Don’t kid yourself Lawrence. This March Madness thing isn’t anything new. Madness has been a March trait in Lawrence for at least a century.
On this very day 101 years ago — Sunday, March 24, 1912 — Lawrence residents awoke to 19 inches of snow, the largest single snowstorm in the city’s history.
The Monday paper (the bosses back then gave us the day off on Sundays) was full of talk about the “spirit of ’76.” That would be the spirit of 1876, when the city had another massive March snowstorm that dumped 17 inches on the city.
The lead paragraph of the 1912 article went like this: “The spirit of ’76 was abroad Saturday, only instead of being the spirit of 1776 it belonged to 1876. The heaviest snowfall ever recorded by the University for March was in 1876 when 17 inches fell, but Saturday the spirit of that year returned with renewed vigor, and so vigorous was it that it did not disappear until the ground was covered with 19 inches of snow. Rather deep that.”
Indeed, rather deep that.
But hey, it's March. Madness happens. Here in modern day Lawrence we may not be awash in the Spirit of ’76. I haven’t found a sports bar that sells that one yet. But, fear not, there are plenty of other bottles of spirits to choose from during this month of madness.
It seems, though, the madness of 1912 was a little different. I didn’t see as many sports stories on the front page, although the fact the Wentworth Military Academy of Lexington, Mo., canceled its game for Monday did draw a front page mention.
But the big story of the day was a national one. The last of the sailors killed in the explosion of the USS Maine — the event that led to the Spanish-American War — were buried in Arlington Cemetery.
Remember the Maine? I bet you don’t when the tournament is on. But the folks in 1912 did. They really did, because if you remember your history, the Maine sunk in 1898 — 14 years earlier. Already, 165 of the Maine’s dead had been buried in Arlington Cemetery. But a decade later there were still 66 on the bottom of the sea, and Congress ordered them brought home. Two years of salvage operations saw that it was done.
“With all the pomp and solemnity that a mighty nation can pay heroes of war, the last of the dead of the Maine were buried today in Arlington Cemetery,” the front page of the Journal-World proclaimed.
Ships weren’t the only vessels in the news though. A new thing called an automobile also grabbed local headlines. The day before the winter storm, the first meeting of the Douglas County Automobile Association was held in the “parlors of the Eldridge” hotel. Although the paper didn’t say so, I assume with a 19-inch snowstorm approaching, the first meeting of the Douglas County Tow Truck Association also met to celebrate with lobster and caviar.
They would have made a killing in March. The 19-inch storm was just the grand finale. The city in March 1912 received 31 inches of snow for the month, according to the newspaper. It was even worse elsewhere. The paper reported “ice banks” 30 feet high along the Des Moines River in Iowa, and an article in the paper had this to say about the situation along the Mississippi River, overflowing with snow melt: “Practically authentic reports say that the levee along the Mississippi River broke at Mount Pleasant, Mo. this afternoon.”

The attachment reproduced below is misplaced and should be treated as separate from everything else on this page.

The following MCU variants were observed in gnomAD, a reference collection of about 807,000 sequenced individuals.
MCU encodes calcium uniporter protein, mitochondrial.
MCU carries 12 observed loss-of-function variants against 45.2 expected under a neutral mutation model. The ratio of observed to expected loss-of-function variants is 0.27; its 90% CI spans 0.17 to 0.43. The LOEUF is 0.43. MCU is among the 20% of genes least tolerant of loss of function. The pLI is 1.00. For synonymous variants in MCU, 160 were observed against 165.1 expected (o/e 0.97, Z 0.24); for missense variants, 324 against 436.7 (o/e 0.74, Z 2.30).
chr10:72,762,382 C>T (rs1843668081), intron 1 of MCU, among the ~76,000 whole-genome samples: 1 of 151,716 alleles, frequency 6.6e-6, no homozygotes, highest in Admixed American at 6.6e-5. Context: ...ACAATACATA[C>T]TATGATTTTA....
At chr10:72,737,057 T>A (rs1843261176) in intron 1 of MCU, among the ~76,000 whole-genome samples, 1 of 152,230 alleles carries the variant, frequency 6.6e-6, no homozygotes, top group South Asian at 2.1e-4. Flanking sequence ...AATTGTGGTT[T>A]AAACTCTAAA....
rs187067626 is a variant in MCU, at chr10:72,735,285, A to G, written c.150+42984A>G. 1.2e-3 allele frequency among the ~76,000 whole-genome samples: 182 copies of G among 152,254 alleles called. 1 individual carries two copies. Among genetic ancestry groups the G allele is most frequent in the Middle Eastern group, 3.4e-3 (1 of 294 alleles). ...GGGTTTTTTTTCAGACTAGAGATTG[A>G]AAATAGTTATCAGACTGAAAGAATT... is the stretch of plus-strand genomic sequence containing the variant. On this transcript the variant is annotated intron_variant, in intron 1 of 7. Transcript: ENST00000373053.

Practically authentic? This guy was ready for the Twitter age.
But perhaps the most interesting item in the paper was about how Lawrence residents responded to this record snowstorm. Not once was the city’s street car system shut down due to the snow. And by Monday, the paper reported Downtown Lawrence was in fine shape too.
“The down town stores had the streets in front of their locations cleaned of snow so that horses could be driven up in front,” the paper reported. “It was no easy task that.”
Indeed, no easy task that.
But even more interesting was what happened to the sidewalks. Get this: They actually were shoveled, and I don’t even think the city had an ordinance saying they had to be.
“Everywhere one could see men and boys shoveling off the snow fall, for almost everyone seemed to realize that it would be impossible for those to walk who were compelled to be out, unless everyone did their share toward clearing the walk.”
Quite a thought that.
In that same day’s paper, as men and boys surely were feeling the effects of shoveling 19 inches of snow, the paper ran an article reminding everyone that the mayor had set aside April 20 as the city’s “annual clean-up day,” where the city “will be put into its fresh dress for summer.”
“On that day, committees will take the city in charge and will see to it that every nook and corner is swept out and purified.”
It was an effort led by the Lawrence Civic League, which spent all year going to the city’s schools where children were “taught what constitutes a good looking town, and what they can do toward making their home town a ‘city beautiful.’”
After reading about our 1912 forefathers, I have come to a conclusion: They can keep the snow, I’ll keep the basketball, but I’m interested in a bottle of that Spirit of ’76.
March Madness that.
— Each Sunday, Lawhorn’s Lawrence focuses on the people, places or past of Lawrence and the surrounding area. If you have a story idea, send it to Chad at firstname.lastname@example.org.